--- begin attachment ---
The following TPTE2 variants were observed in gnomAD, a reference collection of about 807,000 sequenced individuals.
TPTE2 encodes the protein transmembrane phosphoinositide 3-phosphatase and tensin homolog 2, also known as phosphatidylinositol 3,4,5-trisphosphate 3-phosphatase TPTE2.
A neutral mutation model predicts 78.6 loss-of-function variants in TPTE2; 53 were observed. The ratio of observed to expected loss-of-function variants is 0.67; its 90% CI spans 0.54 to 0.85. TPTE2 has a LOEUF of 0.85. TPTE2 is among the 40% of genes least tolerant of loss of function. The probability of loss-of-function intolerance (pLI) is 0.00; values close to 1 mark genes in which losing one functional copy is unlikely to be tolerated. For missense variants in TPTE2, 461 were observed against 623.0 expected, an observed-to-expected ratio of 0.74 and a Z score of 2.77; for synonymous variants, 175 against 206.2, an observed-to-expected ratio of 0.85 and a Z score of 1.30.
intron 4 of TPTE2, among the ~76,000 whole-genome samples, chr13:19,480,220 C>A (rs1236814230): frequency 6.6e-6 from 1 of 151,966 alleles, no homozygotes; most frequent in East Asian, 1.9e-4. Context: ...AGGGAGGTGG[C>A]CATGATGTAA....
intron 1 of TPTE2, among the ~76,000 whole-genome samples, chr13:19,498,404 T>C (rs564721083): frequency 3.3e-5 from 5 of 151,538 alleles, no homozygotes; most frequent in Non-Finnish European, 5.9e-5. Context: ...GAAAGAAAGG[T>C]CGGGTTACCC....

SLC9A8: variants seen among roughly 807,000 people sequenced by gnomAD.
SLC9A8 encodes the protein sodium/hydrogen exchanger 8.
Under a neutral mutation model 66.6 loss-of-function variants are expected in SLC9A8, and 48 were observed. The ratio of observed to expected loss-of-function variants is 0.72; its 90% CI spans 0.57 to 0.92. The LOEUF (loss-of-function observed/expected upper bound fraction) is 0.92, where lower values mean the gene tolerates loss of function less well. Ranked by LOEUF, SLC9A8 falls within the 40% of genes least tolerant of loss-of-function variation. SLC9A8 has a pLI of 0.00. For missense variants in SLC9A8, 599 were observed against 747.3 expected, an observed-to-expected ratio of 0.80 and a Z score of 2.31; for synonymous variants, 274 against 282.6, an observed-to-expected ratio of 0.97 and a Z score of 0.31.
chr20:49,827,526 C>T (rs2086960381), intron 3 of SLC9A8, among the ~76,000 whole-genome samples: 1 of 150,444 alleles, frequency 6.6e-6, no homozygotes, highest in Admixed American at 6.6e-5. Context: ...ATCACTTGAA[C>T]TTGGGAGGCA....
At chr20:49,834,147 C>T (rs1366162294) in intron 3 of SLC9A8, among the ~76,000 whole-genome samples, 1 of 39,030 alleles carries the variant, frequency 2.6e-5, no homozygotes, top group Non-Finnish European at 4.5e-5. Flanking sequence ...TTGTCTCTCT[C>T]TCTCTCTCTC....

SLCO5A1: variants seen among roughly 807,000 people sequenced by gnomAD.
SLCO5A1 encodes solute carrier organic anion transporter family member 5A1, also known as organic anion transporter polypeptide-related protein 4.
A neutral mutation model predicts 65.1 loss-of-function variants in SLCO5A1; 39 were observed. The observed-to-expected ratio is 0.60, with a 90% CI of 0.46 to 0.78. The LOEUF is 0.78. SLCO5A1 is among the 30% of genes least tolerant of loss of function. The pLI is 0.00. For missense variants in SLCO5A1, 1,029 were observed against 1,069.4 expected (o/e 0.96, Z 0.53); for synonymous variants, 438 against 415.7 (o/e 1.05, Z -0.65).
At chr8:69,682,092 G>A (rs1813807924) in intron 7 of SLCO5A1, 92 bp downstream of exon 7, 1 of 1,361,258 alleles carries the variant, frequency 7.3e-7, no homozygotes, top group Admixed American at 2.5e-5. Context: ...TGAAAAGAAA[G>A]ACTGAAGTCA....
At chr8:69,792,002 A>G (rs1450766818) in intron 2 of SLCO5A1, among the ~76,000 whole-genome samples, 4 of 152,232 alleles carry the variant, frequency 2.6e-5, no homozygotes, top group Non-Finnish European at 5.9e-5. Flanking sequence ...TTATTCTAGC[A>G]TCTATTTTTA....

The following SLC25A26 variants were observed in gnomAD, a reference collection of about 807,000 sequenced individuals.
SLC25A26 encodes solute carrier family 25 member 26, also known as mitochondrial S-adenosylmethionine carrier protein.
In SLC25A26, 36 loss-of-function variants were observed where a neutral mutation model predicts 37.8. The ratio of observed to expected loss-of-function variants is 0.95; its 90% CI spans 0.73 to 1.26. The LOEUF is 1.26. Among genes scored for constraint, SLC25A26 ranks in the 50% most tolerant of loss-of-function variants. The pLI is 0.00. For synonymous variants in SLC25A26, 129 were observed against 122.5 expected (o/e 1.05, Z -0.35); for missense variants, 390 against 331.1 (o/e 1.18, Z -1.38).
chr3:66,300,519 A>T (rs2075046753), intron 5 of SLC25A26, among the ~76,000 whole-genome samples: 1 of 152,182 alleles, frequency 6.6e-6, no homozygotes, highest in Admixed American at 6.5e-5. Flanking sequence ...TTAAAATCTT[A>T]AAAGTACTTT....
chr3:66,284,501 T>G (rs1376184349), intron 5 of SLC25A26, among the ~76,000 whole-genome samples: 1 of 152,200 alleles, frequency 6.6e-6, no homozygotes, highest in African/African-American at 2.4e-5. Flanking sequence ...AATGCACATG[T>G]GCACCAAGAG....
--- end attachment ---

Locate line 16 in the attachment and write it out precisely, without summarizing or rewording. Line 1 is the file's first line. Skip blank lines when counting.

The following SLC25A26 variants were observed in gnomAD, a reference collection of about 807,000 sequenced individuals.